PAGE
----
We have long believed and have repeatedly stated that we agree with our old friend Angelo Codevilla, who has written that the forces unleashed by our ruling class’s incompetence and self-absorption will grow more and more dangerous over time. Someday, we will all look back at Trump wistfully, noting his normalcy and moderation, relative to those who came after him. And while we agree that Trump is a populist, he is also an anti-statist, which is to say that he correctly identifies that the state has become the principal protector and guarantor of power and privilege. Despite decades upon decades of evidence, this is something the Left still cannot fathom.
We are at an awkward and dangerous point in global civilization. And it is at these moments in history that ideological revolutions occur, leaving nothing but destruction in their wake. Again, to quote Norman Cohn:
As we have seen again and again…revolutionary millenarianism flourishes only in specific situations. … Revolutionary millenarianism drew its strength from a population living on the margin of society — peasants without land or with too little land even for subsistence; journeymen and unskilled workers living under the continuous threat of unemployment; beggars and vagabonds — in fact from the amorphous mass of people who were not simply poor but who could find no assured and recognized place in society at all. These people lacked the material and emotional support afforded by traditional social groups; their kinship-groups had disintegrated and they were not effectively organized in village communities or in guilds; for them there existed no regular, institutionalized methods of voicing their grievances or pressing their claims. Instead they waited for a propheta to bind them together in a group of their own….
Because these people found themselves in such an exposed and defenceless position they were liable to react very sharply to any disruption of the normal, familiar, pattern of life. Again and again one finds that a particular outbreak of revolutionary millenarianism took place against a background of disaster: the plagues that preluded the First Crusade and the flagellant movements of 1260, 1348—9, 1391 and 1400; the famines that preluded the First and Second Crusades and the popular crusading movements of 1309—20, the flagellant movement of 1296, the movements around Eon and the pseudo-Baldwin; the spectacular rise in prices that preluded the revolution at Münster. The greatest wave of millenarian excitement, one which swept through the whole of society, was precipitated by the most universal natural disaster of the Middle Ages, the Black Death; and here again it was in the lower social strata that the excitement lasted longest and that it expressed itself in violence and massacre.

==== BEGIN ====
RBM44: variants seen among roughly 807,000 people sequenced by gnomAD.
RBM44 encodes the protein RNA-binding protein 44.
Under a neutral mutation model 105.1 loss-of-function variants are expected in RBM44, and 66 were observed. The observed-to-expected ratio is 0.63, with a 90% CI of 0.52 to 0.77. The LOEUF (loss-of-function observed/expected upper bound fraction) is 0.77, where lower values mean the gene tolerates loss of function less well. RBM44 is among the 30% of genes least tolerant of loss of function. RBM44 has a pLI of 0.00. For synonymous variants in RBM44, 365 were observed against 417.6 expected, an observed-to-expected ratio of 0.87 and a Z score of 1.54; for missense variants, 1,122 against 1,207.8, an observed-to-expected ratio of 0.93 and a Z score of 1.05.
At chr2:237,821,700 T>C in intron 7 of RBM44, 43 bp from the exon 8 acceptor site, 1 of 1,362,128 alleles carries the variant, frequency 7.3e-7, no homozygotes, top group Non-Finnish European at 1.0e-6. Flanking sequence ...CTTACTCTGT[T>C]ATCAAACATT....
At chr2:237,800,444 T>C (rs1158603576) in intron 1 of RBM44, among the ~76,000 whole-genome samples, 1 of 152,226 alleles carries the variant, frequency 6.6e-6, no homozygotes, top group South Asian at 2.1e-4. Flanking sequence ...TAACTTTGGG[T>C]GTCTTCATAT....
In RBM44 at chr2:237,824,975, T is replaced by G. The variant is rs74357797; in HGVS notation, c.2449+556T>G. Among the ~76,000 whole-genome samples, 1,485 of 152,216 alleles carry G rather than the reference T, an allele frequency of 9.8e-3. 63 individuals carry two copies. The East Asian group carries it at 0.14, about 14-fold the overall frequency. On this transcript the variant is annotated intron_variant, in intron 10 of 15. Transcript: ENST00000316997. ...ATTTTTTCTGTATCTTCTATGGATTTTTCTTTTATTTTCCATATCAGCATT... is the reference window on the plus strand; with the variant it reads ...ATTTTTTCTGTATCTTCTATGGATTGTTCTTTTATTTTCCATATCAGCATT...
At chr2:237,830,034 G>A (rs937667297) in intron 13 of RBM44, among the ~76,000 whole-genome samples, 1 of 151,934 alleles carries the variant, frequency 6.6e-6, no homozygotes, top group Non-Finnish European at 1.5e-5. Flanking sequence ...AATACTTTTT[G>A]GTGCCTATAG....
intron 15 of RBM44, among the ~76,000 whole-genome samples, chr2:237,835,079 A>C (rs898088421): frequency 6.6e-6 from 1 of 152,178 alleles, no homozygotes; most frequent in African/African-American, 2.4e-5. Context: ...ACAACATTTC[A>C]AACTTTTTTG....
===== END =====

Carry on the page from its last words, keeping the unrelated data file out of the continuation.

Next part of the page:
But the rootless poor were not only shaken by those specific calamities or upheavals that directly affected their material lot — they were also peculiarly sensitive to the less dramatic but equally relentless processes which, generation after generation, gradually disrupted the framework of authority within which medieval life had for a time been contained.
Bernie Sanders may be a harmless old man. But the ideology he embraces and the ideas he has normalized are anything but.